G. Richard Shell, author of Bargaining for Advantage: Negotiation Strategies for Reasonable People, identifies three primary schools of ethics in negotiation. For example in the accounting department, if unfair pressure is put on employees to deliver an audit report which has been altered or not showing current accounts of the organization would be un ethical, as it does not follow the standards and policies set by the organization.
While there are some exceptions, business ethicists are usually less concerned with the foundations of ethics (meta-ethics), or with justifying the most basic ethical principles, and are more concerned with practical problems and applications, and any specific duties that might apply to business relationships.
We need to ask these questions: “How ethically vulnerable is our company or organization?” “What are the core values and guiding principles of our company or organization?” “Are we committed to living and exhibiting our core values in everything we do?” The answers to these questions will define the state of ethics in our business.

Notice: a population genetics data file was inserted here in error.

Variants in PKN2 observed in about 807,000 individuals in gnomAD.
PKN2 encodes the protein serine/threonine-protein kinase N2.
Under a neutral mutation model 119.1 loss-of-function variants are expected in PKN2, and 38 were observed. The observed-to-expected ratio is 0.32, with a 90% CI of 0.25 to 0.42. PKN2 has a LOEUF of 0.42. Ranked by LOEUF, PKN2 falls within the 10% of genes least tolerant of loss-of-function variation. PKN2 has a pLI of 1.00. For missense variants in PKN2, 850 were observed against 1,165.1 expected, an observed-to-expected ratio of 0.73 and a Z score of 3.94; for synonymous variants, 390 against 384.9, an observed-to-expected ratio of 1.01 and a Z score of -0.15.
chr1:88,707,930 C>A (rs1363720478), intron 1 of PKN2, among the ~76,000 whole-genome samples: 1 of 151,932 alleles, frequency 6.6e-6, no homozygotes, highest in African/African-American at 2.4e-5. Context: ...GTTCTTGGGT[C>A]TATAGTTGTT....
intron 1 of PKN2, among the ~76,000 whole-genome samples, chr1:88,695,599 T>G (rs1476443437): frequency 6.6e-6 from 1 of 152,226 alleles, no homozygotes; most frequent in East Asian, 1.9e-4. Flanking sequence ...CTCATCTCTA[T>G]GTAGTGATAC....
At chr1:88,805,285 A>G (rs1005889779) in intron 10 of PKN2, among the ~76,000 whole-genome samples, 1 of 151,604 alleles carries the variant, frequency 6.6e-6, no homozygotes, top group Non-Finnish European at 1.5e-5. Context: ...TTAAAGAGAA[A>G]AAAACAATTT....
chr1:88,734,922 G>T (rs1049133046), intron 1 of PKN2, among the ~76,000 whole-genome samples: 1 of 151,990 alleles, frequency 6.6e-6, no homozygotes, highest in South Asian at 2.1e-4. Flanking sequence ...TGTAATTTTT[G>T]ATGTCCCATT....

At the business level, I can think of situations in which a business takes a cutthroat approach to remove competing businesses or individuals from their path, instead of entering with them into an honest competition; At the individual level, I can think of a situation in which a greedy employee is targeted by a competitor and is paid a bribe or a commission in return for confidential information that can help the competition snatch a business opportunity from the employer.
Business ethics are important because they keep business people to operate within a moral and legal pedestal which not only leaves them satisfied internally but also increases sales because most people like dealing or doing business with honest businessmen.